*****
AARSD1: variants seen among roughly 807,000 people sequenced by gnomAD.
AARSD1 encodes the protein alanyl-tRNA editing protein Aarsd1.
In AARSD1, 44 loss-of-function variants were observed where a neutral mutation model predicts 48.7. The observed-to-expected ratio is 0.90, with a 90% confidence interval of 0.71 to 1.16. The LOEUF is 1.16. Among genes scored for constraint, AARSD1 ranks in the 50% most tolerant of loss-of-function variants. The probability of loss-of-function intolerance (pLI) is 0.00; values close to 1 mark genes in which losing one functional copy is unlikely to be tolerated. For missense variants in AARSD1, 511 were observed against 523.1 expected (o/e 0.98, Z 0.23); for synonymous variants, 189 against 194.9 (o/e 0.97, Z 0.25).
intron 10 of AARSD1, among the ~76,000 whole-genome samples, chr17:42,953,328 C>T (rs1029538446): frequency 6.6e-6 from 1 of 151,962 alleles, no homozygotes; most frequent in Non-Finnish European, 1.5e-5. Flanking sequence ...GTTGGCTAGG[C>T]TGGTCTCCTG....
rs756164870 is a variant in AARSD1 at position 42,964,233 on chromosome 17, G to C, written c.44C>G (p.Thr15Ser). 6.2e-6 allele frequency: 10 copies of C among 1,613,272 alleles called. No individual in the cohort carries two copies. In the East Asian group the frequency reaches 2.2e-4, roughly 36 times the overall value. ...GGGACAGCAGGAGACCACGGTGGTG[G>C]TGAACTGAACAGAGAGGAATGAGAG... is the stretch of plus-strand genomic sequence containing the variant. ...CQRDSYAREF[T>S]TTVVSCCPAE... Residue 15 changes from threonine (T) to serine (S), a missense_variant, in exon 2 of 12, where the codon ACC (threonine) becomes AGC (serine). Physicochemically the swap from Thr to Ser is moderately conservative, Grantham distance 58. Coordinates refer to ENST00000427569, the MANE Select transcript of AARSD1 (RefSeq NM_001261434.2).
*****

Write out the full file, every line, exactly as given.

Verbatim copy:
AARSD1: variants seen among roughly 807,000 people sequenced by gnomAD.
AARSD1 encodes the protein alanyl-tRNA editing protein Aarsd1.
In AARSD1, 44 loss-of-function variants were observed where a neutral mutation model predicts 48.7. The observed-to-expected ratio is 0.90, with a 90% confidence interval of 0.71 to 1.16. The LOEUF is 1.16. Among genes scored for constraint, AARSD1 ranks in the 50% most tolerant of loss-of-function variants. The probability of loss-of-function intolerance (pLI) is 0.00; values close to 1 mark genes in which losing one functional copy is unlikely to be tolerated. For missense variants in AARSD1, 511 were observed against 523.1 expected (o/e 0.98, Z 0.23); for synonymous variants, 189 against 194.9 (o/e 0.97, Z 0.25).
intron 10 of AARSD1, among the ~76,000 whole-genome samples, chr17:42,953,328 C>T (rs1029538446): frequency 6.6e-6 from 1 of 151,962 alleles, no homozygotes; most frequent in Non-Finnish European, 1.5e-5. Flanking sequence ...GTTGGCTAGG[C>T]TGGTCTCCTG....
rs756164870 is a variant in AARSD1 at position 42,964,233 on chromosome 17, G to C, written c.44C>G (p.Thr15Ser). 6.2e-6 allele frequency: 10 copies of C among 1,613,272 alleles called. No individual in the cohort carries two copies. In the East Asian group the frequency reaches 2.2e-4, roughly 36 times the overall value. ...GGGACAGCAGGAGACCACGGTGGTG[G>C]TGAACTGAACAGAGAGGAATGAGAG... is the stretch of plus-strand genomic sequence containing the variant. ...CQRDSYAREF[T>S]TTVVSCCPAE... Residue 15 changes from threonine (T) to serine (S), a missense_variant, in exon 2 of 12, where the codon ACC (threonine) becomes AGC (serine). Physicochemically the swap from Thr to Ser is moderately conservative, Grantham distance 58. Coordinates refer to ENST00000427569, the MANE Select transcript of AARSD1 (RefSeq NM_001261434.2).